Does alot of production go into making vocals sound good in rock music?

Discussion in 'Recording In Progress' started by Marquee Moon, Sep 1, 2019.

  1. beyer160

    beyer160 Friend of Leo's

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    My preferred method of recording is to put the band together in a large room so they can make eye contact, then baffle off the amps just enough to isolate them from the drums. No one wears headphones except the drummer, scratch vocals get monitored through a small stage wedge and the rest of the band hears each other's amps. My philosophy is that technical considerations should always come second to musical ones, and making the band feel comfortable and allowing them to play in a familiar situation (i.e., not wearing cans) is critical to getting good performances.

    Engineers that came up in the digital age panic when they see my setup.

    "But, but, you'll get LEAKAGE!!!!!" they wail.

    "And?" I ask.

    "But then you won't have total control over everything in the mix!!!!!"

    "So? 'leakage' is just another word for 'ambiance'. The Stones had a crap ton of leakage on Exile and Sticky Fingers, but I think those came out OK. You can hear leakage all over Zeppelin records, and if we're really, really lucky today the stuff we're about to record might sound half as cool as that."

    Most times we go back and re-record vocals, but sometimes the scratch vocal is the keeper- cymbal wash, guitar bleed and all. When I re-record, I generally put the singer in the middle of the big live room, because I hate the early reflections you get even in well-treated booths. Plenty of billion-selling vocals have been cut in vocal booths though, so what do I know?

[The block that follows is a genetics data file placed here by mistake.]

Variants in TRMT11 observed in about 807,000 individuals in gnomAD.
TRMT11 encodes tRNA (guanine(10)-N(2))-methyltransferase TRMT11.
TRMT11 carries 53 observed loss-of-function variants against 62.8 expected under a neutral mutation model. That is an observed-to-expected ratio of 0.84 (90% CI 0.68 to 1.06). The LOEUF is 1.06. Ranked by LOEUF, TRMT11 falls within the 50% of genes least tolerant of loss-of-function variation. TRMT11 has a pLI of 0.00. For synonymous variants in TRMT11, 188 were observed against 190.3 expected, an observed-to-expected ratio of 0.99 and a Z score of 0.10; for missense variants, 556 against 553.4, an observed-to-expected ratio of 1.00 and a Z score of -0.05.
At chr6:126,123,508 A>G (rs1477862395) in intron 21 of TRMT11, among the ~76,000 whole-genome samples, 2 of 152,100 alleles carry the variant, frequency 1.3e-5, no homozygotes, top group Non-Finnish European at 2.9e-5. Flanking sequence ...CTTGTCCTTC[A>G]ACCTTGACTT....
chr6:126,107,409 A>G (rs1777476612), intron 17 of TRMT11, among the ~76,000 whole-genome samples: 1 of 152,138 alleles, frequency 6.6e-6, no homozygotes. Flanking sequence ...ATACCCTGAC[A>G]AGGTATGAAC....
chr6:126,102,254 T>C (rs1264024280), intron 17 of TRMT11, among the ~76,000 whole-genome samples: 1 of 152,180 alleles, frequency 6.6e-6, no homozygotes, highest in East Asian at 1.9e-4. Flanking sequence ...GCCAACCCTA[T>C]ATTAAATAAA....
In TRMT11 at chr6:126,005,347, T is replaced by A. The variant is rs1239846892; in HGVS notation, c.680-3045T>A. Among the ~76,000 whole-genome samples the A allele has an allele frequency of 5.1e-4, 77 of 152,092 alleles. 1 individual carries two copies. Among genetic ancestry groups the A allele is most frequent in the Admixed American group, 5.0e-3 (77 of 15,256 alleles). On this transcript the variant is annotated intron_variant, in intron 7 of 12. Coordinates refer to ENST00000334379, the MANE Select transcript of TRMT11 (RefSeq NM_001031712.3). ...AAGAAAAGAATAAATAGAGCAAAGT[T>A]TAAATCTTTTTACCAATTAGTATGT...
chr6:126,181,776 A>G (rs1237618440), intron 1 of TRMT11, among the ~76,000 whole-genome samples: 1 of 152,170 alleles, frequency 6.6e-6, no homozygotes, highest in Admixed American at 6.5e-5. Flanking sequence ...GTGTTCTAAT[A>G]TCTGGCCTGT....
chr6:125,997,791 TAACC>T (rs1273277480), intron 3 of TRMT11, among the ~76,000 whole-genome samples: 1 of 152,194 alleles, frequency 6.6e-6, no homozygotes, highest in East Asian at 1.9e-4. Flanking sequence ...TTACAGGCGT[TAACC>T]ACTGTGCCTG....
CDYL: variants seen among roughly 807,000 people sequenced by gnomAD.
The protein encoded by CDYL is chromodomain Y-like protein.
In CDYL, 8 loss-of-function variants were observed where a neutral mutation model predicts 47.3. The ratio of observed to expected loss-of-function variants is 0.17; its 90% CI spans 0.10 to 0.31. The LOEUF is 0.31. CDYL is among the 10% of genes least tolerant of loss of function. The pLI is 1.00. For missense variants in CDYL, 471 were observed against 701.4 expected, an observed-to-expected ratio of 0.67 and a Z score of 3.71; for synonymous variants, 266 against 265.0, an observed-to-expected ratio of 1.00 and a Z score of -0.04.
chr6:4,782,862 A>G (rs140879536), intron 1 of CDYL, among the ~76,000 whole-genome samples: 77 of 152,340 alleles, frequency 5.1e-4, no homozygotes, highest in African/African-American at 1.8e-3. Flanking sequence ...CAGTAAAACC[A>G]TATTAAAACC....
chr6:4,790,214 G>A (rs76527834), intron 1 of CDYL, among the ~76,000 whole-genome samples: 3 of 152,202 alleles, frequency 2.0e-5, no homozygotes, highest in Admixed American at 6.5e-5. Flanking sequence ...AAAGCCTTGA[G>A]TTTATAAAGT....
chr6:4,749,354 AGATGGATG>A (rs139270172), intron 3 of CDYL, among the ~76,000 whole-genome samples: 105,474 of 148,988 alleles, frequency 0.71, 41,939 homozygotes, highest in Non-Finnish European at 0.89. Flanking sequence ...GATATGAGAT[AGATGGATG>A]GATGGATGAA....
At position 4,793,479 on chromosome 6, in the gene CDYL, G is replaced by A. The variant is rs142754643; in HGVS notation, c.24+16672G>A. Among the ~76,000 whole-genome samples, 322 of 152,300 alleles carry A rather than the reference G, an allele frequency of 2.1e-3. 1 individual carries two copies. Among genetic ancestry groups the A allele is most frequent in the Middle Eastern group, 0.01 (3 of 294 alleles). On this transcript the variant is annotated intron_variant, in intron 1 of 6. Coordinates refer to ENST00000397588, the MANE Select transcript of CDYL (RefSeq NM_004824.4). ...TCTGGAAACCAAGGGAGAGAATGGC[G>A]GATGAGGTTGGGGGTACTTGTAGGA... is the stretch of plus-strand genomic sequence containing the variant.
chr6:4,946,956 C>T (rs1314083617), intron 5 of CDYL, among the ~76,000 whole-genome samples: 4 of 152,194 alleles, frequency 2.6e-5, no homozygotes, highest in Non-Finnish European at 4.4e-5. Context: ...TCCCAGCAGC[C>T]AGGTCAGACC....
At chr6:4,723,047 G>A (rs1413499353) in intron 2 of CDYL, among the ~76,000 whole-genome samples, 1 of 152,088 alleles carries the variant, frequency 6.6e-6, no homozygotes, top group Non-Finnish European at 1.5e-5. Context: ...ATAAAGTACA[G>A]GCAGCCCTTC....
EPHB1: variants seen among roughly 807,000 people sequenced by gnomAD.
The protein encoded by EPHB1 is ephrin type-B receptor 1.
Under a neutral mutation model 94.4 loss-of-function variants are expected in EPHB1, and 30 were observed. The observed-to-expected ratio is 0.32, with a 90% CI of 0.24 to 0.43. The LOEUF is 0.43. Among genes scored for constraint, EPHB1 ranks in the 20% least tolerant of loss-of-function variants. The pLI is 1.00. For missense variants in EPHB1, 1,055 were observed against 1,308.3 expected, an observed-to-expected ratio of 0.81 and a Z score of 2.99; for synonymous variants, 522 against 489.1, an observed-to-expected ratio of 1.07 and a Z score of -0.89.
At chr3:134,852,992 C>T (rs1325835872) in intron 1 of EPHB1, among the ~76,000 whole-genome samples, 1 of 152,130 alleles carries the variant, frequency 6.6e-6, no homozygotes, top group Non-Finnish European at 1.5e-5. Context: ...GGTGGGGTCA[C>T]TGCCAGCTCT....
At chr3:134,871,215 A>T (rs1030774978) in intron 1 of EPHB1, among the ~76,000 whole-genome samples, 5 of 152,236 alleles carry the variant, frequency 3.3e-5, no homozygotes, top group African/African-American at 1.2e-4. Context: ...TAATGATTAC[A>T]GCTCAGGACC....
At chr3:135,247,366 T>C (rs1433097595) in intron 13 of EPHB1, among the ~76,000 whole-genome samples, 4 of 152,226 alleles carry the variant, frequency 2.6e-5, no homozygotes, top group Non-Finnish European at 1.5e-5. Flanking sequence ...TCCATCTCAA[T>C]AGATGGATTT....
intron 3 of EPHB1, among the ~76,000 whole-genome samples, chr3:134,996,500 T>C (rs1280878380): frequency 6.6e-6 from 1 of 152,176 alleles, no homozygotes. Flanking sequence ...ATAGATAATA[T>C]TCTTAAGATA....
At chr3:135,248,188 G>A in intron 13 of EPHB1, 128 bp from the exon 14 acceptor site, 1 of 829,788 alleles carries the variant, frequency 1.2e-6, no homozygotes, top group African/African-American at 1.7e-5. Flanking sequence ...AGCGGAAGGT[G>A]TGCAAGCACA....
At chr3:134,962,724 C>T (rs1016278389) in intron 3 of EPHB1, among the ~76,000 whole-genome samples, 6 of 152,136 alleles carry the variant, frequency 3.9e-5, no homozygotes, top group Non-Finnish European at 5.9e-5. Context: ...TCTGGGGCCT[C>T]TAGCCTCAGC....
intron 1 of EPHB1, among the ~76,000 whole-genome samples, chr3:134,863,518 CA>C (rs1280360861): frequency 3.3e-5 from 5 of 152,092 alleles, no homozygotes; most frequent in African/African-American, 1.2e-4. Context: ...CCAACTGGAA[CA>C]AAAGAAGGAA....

As for complimentary production styles, there are NO rules. Some artists want to have a consistent sound over the whole recording, others are all over the map. You can segue a fast song out of a slow one, and vice versa. I was wrong, though- there is ONE rule- it's all gotta be good. How you define that though is up to you.
     
  2. RoscoeElegante

    RoscoeElegante Friend of Leo's

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    Sounds like a very wise and nuance-encouraging approach. Thanks for the feedback.

    AND you sound like Mike from "Better Call Saul" when you say all this, too!
     
  3. Bob Womack

    Bob Womack Tele-Holic

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    When I hit the mix phase and get around to the vocals, the first thing I do is to comp the takes to get the final performance. Next, I start the basic EQ which will probably be adjusted in contexts as I refine the rest. With the basic Eq set I cut the vocal performance up into regions and treat the regions so that they are all the same volume density. I do so by gently compressing individual sections offline. If you don't set a basic volume density, the next phase, leveling, can be noticeable. I then level things out using automation and handle any timbre shifts caused by the vocalista moving his or her head using automated EQ. Next comes timing with harmony parts, including entrances, exists, plosives, palatals, and labials. Once you get it timed you can manually tune with Antares Autotune or something similar.